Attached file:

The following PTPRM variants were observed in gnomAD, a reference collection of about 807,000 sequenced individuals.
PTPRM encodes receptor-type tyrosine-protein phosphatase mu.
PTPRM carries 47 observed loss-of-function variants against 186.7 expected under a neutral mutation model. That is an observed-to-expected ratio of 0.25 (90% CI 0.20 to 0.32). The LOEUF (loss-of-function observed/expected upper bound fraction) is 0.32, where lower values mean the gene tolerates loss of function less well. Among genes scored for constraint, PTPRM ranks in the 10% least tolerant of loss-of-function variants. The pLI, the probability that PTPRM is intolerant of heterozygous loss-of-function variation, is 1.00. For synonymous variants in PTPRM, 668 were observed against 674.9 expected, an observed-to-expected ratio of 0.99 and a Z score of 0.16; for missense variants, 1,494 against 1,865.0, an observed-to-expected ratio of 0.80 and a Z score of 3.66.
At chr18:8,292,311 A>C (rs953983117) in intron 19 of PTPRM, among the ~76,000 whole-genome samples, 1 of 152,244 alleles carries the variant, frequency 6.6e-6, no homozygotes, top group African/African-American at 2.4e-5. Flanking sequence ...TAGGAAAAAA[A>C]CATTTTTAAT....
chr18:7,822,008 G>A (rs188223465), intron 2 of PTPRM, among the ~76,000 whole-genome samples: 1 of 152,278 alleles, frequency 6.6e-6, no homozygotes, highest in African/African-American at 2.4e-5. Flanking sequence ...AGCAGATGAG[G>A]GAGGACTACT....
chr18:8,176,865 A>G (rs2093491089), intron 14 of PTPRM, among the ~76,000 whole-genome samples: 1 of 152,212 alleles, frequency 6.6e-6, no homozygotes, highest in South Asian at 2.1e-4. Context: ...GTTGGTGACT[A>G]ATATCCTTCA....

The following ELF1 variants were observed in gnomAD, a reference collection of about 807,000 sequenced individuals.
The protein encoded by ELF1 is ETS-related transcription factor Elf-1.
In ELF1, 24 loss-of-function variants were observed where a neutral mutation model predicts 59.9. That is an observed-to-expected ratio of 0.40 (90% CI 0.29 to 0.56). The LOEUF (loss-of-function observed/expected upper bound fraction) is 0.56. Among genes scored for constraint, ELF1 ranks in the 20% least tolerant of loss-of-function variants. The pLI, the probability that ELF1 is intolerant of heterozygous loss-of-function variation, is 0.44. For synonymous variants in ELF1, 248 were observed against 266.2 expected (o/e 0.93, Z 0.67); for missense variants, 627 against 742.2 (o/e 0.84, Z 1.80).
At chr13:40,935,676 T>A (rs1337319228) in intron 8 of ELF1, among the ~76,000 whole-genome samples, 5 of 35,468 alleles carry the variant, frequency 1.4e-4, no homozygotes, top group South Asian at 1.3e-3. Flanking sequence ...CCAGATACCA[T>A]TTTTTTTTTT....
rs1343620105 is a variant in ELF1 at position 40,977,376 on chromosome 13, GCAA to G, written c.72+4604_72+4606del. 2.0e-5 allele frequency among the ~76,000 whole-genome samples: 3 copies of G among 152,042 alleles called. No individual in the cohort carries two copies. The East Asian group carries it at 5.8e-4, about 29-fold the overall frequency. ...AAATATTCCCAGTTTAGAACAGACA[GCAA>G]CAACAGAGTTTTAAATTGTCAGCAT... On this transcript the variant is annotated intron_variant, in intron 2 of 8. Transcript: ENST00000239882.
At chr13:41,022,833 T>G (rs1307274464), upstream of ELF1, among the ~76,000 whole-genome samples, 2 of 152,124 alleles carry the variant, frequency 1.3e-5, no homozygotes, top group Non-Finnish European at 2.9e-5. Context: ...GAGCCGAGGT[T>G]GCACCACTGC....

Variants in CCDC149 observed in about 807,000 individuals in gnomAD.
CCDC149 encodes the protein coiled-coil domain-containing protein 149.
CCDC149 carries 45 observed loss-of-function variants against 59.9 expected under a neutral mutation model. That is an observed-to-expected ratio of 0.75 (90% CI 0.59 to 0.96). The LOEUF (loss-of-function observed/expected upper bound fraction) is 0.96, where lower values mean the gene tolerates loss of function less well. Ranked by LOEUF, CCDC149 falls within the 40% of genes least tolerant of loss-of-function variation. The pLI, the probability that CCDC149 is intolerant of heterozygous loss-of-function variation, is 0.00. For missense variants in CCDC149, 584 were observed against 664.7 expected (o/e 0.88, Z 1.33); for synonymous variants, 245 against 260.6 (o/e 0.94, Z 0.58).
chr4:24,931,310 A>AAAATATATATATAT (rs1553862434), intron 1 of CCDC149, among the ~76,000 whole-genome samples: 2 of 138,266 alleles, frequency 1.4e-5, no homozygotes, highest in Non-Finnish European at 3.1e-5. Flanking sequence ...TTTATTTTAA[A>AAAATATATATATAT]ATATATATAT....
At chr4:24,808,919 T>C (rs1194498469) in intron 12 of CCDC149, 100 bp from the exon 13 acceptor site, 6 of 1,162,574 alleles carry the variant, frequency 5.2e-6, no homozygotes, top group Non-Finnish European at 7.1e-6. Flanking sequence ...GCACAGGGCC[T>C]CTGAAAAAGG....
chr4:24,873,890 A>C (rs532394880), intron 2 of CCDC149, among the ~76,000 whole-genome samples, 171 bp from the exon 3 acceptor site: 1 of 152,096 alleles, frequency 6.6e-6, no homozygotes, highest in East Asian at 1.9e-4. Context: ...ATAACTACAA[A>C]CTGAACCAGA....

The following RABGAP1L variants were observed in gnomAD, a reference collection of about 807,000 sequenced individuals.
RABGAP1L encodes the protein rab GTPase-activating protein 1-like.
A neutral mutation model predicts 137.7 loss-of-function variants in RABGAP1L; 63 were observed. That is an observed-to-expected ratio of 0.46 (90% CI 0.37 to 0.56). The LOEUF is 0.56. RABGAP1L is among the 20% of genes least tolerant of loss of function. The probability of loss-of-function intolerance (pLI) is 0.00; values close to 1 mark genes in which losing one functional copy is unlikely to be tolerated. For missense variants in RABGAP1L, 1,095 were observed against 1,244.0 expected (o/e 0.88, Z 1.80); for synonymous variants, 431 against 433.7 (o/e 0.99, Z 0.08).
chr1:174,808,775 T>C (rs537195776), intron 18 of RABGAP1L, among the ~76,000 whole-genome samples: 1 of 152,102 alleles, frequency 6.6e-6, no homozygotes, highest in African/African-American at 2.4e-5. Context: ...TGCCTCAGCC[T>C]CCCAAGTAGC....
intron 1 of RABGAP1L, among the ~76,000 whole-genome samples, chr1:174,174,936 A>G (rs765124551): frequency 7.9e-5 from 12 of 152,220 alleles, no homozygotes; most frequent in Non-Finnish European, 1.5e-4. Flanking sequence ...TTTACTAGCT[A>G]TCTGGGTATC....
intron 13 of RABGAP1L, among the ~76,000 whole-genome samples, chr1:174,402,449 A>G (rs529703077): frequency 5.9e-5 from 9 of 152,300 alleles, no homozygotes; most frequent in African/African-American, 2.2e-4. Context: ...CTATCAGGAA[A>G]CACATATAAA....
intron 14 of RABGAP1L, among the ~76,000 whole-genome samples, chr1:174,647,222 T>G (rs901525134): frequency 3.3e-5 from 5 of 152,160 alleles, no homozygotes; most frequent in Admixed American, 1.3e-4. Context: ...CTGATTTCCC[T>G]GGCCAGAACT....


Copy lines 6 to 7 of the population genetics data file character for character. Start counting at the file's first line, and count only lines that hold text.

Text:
chr18:8,176,865 A>G (rs2093491089), intron 14 of PTPRM, among the ~76,000 whole-genome samples: 1 of 152,212 alleles, frequency 6.6e-6, no homozygotes, highest in South Asian at 2.1e-4. Context: ...GTTGGTGACT[A>G]ATATCCTTCA....

The following ELF1 variants were observed in gnomAD, a reference collection of about 807,000 sequenced individuals.